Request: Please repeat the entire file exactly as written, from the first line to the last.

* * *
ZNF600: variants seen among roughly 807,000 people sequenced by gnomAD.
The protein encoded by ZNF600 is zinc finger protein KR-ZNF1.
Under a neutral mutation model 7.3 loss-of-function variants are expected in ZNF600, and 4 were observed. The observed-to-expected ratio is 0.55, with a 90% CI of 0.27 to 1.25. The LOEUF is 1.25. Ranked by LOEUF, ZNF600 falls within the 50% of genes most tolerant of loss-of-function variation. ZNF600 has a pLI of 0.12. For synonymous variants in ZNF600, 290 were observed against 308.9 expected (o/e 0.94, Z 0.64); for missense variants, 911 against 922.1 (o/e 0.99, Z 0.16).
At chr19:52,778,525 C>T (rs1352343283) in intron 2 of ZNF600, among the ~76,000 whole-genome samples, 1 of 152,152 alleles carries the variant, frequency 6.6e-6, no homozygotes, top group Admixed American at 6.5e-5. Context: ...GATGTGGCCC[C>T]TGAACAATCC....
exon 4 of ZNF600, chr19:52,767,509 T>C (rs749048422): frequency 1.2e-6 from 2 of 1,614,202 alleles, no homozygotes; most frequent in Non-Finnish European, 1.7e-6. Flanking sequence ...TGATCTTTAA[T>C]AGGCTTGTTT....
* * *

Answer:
ZNF600: variants seen among roughly 807,000 people sequenced by gnomAD.
The protein encoded by ZNF600 is zinc finger protein KR-ZNF1.
Under a neutral mutation model 7.3 loss-of-function variants are expected in ZNF600, and 4 were observed. The observed-to-expected ratio is 0.55, with a 90% CI of 0.27 to 1.25. The LOEUF is 1.25. Ranked by LOEUF, ZNF600 falls within the 50% of genes most tolerant of loss-of-function variation. ZNF600 has a pLI of 0.12. For synonymous variants in ZNF600, 290 were observed against 308.9 expected (o/e 0.94, Z 0.64); for missense variants, 911 against 922.1 (o/e 0.99, Z 0.16).
At chr19:52,778,525 C>T (rs1352343283) in intron 2 of ZNF600, among the ~76,000 whole-genome samples, 1 of 152,152 alleles carries the variant, frequency 6.6e-6, no homozygotes, top group Admixed American at 6.5e-5. Context: ...GATGTGGCCC[C>T]TGAACAATCC....
exon 4 of ZNF600, chr19:52,767,509 T>C (rs749048422): frequency 1.2e-6 from 2 of 1,614,202 alleles, no homozygotes; most frequent in Non-Finnish European, 1.7e-6. Flanking sequence ...TGATCTTTAA[T>C]AGGCTTGTTT....